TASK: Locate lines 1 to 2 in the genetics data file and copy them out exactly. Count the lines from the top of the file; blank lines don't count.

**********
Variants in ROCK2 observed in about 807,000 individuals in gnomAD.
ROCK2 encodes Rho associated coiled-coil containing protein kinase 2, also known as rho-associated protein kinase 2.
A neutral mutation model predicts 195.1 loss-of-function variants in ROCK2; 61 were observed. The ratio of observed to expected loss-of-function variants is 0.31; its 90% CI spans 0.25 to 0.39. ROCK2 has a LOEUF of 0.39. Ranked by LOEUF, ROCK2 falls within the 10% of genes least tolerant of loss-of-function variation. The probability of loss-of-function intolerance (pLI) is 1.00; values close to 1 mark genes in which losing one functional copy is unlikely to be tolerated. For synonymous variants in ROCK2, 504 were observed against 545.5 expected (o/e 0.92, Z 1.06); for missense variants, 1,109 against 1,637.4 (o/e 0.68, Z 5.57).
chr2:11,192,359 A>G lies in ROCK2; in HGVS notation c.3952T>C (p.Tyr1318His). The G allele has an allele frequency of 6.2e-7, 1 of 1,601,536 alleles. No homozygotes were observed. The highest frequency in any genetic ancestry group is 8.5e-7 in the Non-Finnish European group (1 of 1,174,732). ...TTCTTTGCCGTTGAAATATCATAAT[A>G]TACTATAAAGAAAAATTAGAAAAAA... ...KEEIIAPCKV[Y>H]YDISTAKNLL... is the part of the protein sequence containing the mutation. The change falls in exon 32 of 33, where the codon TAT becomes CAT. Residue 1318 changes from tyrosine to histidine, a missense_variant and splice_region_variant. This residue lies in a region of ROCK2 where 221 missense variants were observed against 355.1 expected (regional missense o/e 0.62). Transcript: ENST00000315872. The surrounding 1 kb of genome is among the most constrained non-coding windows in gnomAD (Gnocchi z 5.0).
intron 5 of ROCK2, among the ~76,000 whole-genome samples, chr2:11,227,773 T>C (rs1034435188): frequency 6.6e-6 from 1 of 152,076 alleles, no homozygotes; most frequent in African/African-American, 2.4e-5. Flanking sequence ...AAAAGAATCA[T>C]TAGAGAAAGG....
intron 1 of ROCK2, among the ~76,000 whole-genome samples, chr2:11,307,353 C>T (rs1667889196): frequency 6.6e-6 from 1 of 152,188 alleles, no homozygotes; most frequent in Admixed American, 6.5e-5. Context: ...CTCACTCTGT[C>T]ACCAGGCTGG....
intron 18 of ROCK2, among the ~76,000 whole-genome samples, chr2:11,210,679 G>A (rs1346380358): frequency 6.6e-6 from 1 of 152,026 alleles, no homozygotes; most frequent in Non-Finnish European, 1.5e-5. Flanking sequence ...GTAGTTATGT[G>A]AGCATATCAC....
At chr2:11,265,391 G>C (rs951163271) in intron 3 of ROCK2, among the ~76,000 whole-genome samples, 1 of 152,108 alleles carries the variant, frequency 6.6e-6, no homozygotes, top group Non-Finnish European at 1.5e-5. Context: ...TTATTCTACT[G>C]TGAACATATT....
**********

Variants in ROCK2 observed in about 807,000 individuals in gnomAD.
ROCK2 encodes Rho associated coiled-coil containing protein kinase 2, also known as rho-associated protein kinase 2.